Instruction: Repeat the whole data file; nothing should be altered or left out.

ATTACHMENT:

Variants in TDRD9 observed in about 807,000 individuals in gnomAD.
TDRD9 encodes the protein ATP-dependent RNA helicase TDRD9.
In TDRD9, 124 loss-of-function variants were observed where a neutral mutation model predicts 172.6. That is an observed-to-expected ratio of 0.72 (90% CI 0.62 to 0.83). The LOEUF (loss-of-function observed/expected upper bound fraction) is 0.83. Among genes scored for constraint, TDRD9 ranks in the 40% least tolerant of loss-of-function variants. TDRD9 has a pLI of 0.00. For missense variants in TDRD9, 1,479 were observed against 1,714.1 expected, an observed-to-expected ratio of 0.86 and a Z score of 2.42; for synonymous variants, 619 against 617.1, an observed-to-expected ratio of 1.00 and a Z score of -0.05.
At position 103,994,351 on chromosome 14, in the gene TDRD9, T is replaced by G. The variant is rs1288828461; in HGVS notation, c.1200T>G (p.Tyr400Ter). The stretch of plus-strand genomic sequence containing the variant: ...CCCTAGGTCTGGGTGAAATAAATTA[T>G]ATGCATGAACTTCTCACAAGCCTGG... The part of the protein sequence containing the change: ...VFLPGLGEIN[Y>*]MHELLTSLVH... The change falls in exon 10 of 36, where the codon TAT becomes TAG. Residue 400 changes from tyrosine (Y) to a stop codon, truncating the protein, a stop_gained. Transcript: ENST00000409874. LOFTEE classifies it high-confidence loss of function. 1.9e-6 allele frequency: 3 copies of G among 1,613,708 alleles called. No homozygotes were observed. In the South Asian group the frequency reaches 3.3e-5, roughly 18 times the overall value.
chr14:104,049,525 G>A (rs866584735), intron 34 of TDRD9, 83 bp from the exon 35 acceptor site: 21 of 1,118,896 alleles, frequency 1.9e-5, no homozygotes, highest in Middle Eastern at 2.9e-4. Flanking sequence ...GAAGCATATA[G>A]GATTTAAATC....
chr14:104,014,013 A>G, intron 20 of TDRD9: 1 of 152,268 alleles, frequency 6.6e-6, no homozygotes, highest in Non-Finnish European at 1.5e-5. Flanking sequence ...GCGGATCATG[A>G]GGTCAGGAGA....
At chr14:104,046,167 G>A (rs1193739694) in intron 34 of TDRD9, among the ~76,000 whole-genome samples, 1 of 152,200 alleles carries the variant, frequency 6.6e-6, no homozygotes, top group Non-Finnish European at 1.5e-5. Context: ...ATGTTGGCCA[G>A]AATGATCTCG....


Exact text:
Variants in TDRD9 observed in about 807,000 individuals in gnomAD.
TDRD9 encodes the protein ATP-dependent RNA helicase TDRD9.
In TDRD9, 124 loss-of-function variants were observed where a neutral mutation model predicts 172.6. That is an observed-to-expected ratio of 0.72 (90% CI 0.62 to 0.83). The LOEUF (loss-of-function observed/expected upper bound fraction) is 0.83. Among genes scored for constraint, TDRD9 ranks in the 40% least tolerant of loss-of-function variants. TDRD9 has a pLI of 0.00. For missense variants in TDRD9, 1,479 were observed against 1,714.1 expected, an observed-to-expected ratio of 0.86 and a Z score of 2.42; for synonymous variants, 619 against 617.1, an observed-to-expected ratio of 1.00 and a Z score of -0.05.
At position 103,994,351 on chromosome 14, in the gene TDRD9, T is replaced by G. The variant is rs1288828461; in HGVS notation, c.1200T>G (p.Tyr400Ter). The stretch of plus-strand genomic sequence containing the variant: ...CCCTAGGTCTGGGTGAAATAAATTA[T>G]ATGCATGAACTTCTCACAAGCCTGG... The part of the protein sequence containing the change: ...VFLPGLGEIN[Y>*]MHELLTSLVH... The change falls in exon 10 of 36, where the codon TAT becomes TAG. Residue 400 changes from tyrosine (Y) to a stop codon, truncating the protein, a stop_gained. Transcript: ENST00000409874. LOFTEE classifies it high-confidence loss of function. 1.9e-6 allele frequency: 3 copies of G among 1,613,708 alleles called. No homozygotes were observed. In the South Asian group the frequency reaches 3.3e-5, roughly 18 times the overall value.
chr14:104,049,525 G>A (rs866584735), intron 34 of TDRD9, 83 bp from the exon 35 acceptor site: 21 of 1,118,896 alleles, frequency 1.9e-5, no homozygotes, highest in Middle Eastern at 2.9e-4. Flanking sequence ...GAAGCATATA[G>A]GATTTAAATC....
chr14:104,014,013 A>G, intron 20 of TDRD9: 1 of 152,268 alleles, frequency 6.6e-6, no homozygotes, highest in Non-Finnish European at 1.5e-5. Flanking sequence ...GCGGATCATG[A>G]GGTCAGGAGA....
At chr14:104,046,167 G>A (rs1193739694) in intron 34 of TDRD9, among the ~76,000 whole-genome samples, 1 of 152,200 alleles carries the variant, frequency 6.6e-6, no homozygotes, top group Non-Finnish European at 1.5e-5. Context: ...ATGTTGGCCA[G>A]AATGATCTCG....